The broken state of the U.S. immigration system is a moral and human-rights crisis, write three guest columnists who staged a civil-disobedience demonstration in Seattle. Time now to fix the system that divides families and makes people live in shadow.
LAST Thursday, the three of us were among a group of 40 people who faced risk of arrest by conducting nonviolent civil disobedience in downtown Seattle.
We were white, brown and black. Some had never before been moved to take this kind of direct action. Our delegation included a Metropolitan King County Council member, several priests, a retired and decorated Navy veteran, workers, labor leaders, professors and students — all uniting around nonviolent civil disobedience. Why?
We have on our hands a moral and human-rights crisis that betrays our nation’s best values.
We were compelled to escalate our call for comprehensive immigration reform. The irresponsible failure to act of members of Congress and presidents, past and present, has led to the current untenable situation: 12 million undocumented immigrants living in fear across the country; 1,000 people deported every day as families are ripped apart; 5 million U.S. citizens or residents who are still waiting, sometimes after decades, after applying legally for their closest family members to join them.
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Over the past decade, we have marched, rallied, met with our Congress members, collected petition signatures, and made thousands of phone calls and faxes. In spite of the numbers of people involved in mass demonstrations that match any social movement in recent history, we are no closer to a real solution.
With the passage of Arizona’s Senate Bill 1070, the devastating consequences of states and other locales taking immigration policy into their own hands are clear: shattered economies, fearful families and racial profiling of citizens and noncitizens alike.
Clear too is the choice ahead of us as a nation: Racial profiling or immigration reform? Family values or family separation? Sensible solutions or same old politics?
The Obama administration has not only failed to act on immigration reform, it has increased deportations beyond previous administrations, pushing programs such as 287g and Secure Communities that put the enforcement of federal immigration laws in the hands of local police. This shift in long-standing policy, undertaken first by George W. Bush’s Attorney General John Ashcroft in 2002, fundamentally undermines community trust in law enforcement.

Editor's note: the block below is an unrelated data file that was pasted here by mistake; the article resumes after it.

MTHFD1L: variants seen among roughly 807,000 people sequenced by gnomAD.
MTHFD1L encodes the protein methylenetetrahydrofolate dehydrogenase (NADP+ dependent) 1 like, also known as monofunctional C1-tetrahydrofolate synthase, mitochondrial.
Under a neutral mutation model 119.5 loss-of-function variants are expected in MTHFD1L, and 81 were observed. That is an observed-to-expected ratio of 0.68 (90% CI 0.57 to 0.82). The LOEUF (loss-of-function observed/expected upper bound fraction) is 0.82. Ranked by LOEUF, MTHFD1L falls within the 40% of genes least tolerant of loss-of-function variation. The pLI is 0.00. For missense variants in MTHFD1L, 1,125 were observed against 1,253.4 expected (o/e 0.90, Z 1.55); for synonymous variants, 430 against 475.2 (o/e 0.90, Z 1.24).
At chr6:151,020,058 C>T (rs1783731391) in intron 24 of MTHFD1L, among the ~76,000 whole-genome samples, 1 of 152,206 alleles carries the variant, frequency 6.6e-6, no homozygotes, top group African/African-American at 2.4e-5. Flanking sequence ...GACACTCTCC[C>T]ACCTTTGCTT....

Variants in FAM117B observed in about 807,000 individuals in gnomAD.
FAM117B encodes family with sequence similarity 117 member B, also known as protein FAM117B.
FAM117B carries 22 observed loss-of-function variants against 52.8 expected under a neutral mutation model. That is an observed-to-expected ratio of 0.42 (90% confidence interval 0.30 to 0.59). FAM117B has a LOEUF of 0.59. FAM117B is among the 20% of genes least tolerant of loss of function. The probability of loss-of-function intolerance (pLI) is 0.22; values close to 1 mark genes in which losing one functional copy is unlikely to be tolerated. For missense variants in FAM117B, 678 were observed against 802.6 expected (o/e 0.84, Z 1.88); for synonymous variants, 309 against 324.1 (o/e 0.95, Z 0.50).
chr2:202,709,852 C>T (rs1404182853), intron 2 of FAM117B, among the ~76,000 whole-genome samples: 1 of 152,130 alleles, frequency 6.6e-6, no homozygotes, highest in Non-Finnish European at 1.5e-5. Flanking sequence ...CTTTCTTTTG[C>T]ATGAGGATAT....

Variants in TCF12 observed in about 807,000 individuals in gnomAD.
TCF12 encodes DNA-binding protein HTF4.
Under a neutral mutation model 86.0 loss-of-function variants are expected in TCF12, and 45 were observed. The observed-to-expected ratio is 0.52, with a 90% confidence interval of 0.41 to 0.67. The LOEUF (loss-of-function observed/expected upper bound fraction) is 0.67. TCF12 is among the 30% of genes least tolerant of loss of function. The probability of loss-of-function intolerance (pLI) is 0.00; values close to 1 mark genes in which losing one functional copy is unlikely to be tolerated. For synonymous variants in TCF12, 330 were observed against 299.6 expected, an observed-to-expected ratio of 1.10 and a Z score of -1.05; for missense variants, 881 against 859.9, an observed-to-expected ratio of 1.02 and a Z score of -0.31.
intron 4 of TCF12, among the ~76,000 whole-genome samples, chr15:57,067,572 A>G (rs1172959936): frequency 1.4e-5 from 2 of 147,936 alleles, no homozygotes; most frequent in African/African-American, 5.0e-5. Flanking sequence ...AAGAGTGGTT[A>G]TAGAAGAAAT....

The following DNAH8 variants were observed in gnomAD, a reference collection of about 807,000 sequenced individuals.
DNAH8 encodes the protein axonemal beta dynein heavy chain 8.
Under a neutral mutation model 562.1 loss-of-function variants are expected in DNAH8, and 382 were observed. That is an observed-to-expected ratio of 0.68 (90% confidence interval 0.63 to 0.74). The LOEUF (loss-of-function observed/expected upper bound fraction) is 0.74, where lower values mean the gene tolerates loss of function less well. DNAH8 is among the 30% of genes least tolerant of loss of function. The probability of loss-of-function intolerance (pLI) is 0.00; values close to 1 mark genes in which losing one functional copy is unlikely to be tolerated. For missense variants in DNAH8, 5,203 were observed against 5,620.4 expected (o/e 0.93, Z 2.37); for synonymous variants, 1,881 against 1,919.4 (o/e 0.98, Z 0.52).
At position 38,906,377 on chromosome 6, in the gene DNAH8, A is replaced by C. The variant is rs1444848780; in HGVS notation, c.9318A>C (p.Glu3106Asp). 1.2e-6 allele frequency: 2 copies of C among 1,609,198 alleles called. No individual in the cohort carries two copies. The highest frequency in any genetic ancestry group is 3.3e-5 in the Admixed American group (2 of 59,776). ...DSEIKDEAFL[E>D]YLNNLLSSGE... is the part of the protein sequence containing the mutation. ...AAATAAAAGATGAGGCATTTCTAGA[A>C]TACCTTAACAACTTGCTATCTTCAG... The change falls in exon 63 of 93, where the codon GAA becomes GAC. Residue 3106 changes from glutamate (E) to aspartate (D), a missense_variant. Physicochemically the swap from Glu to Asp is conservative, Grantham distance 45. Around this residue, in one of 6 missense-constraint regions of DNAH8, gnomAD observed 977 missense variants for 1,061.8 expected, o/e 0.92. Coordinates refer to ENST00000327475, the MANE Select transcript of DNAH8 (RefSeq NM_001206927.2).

Meanwhile, even Republicans who supported previous efforts to reform the immigration system have refused to come forward, putting politics over moral conscience.
We can no longer stand by and watch while children go to school not knowing if their parents will be there when they return or while members of our congregations are detained on their way to work.
Thursday, we blocked the entrance and exit to the downtown Seattle building that houses the immigration courts, the federal Immigration and Customs Enforcement field office, and Customs and Border Patrol, some of the key agencies that implement the harsh enforcement measures we see today.
Later, we caused disruption by blocking three separate intersections in downtown Seattle. While we were sorry for the inconvenience for those trying to go home or go to work, the reality is that the disruption to the lives of millions of families is far worse — and has no real solution in sight without action.
Although the Seattle Police Department made a determination not to arrest us, we remain committed to continuing to make it very difficult for anyone to ignore the moral crisis we are in. We will continue to escalate our campaign of peaceful civil disobedience in Seattle and across the country. We wish to remind President Obama that (in the words of Thoreau): “Under a government which imprisons unjustly, the true place for a just [person] is … a prison.”
We act out of great love for our country and the belief that our nation is better than this. We hope our actions will catalyze real leadership from Congress and President Obama to stop playing politics and pass comprehensive immigration reform this year.
It is time for every elected leader to choose which side of history they will be on in this struggle for freedom and justice.
We need this — for America.
Larry Gossett is a member of the Metropolitan King County Council; Josefina Beecher is a priest at La Iglesia Episcopal de la Resurrecion; Pramila Jayapal is executive director of OneAmerica.